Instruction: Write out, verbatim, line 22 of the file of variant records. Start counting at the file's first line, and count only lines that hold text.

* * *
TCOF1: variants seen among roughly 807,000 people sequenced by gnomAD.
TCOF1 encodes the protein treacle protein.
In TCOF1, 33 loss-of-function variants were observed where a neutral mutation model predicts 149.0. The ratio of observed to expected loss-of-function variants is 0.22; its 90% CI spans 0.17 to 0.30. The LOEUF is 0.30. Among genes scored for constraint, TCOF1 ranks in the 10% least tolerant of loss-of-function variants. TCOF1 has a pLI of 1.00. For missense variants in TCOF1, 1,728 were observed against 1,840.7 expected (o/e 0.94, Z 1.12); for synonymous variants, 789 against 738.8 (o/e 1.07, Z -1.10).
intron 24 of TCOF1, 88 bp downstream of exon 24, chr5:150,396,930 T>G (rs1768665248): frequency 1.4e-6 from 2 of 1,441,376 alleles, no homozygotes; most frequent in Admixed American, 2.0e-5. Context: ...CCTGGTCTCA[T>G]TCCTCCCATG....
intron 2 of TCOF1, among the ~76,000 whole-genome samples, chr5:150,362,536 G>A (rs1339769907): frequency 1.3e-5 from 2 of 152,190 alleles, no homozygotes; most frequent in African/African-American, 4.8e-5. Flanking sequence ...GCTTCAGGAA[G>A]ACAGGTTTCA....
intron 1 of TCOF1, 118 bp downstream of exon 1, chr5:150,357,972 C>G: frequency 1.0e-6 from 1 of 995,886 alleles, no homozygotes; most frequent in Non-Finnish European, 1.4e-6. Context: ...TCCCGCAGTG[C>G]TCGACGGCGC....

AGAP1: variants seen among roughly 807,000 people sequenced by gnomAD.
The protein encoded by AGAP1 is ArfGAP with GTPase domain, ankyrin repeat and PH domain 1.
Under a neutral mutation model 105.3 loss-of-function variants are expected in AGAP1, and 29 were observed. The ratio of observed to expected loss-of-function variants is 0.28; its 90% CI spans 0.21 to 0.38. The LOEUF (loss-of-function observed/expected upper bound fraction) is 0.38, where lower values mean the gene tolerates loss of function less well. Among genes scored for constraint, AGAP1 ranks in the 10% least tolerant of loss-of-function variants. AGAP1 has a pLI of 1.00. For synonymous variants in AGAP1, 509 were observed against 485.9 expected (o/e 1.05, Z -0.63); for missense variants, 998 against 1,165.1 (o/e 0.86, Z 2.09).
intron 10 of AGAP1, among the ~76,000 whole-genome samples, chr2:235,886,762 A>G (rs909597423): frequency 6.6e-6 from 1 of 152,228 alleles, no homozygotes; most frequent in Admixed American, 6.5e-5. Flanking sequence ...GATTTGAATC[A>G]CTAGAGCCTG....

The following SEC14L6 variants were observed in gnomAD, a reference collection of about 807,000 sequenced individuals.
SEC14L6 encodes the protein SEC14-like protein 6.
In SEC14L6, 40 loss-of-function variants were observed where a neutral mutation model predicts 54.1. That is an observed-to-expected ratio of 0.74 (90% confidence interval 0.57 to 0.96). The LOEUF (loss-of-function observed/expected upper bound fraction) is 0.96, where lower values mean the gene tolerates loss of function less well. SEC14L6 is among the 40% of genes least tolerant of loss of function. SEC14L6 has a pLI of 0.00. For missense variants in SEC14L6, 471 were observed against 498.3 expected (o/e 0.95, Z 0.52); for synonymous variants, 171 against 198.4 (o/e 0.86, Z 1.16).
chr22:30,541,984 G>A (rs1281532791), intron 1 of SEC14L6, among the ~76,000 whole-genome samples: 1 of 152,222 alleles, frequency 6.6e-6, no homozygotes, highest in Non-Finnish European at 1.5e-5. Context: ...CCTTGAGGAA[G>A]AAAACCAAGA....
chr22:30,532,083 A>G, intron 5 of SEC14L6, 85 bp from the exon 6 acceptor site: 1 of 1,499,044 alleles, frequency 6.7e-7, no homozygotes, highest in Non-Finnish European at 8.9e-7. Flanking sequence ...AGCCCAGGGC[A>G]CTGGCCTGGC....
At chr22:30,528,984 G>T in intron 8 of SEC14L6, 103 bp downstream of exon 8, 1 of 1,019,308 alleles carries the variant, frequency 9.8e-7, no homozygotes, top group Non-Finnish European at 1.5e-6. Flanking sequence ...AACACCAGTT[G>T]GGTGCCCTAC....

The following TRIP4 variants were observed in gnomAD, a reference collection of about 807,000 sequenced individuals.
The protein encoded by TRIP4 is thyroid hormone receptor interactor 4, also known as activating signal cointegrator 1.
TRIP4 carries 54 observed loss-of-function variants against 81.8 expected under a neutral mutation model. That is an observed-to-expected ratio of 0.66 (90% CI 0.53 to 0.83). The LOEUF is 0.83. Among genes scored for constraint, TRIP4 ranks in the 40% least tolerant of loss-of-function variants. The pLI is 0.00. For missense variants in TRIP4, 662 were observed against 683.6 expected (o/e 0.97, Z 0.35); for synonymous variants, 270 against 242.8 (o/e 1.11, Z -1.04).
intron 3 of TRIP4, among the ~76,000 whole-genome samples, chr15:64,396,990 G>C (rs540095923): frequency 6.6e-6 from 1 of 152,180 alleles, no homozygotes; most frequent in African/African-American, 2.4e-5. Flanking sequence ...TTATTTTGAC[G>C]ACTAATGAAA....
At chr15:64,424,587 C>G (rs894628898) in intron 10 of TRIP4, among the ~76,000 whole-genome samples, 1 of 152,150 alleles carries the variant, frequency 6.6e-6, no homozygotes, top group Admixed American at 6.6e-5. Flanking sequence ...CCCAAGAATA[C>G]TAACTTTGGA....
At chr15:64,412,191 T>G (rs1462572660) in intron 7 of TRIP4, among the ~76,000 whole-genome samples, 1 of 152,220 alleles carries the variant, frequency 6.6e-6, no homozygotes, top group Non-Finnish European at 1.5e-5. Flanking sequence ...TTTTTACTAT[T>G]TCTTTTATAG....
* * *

At chr15:64,412,191 T>G (rs1462572660) in intron 7 of TRIP4, among the ~76,000 whole-genome samples, 1 of 152,220 alleles carries the variant, frequency 6.6e-6, no homozygotes, top group Non-Finnish European at 1.5e-5. Flanking sequence ...TTTTTACTAT[T>G]TCTTTTATAG....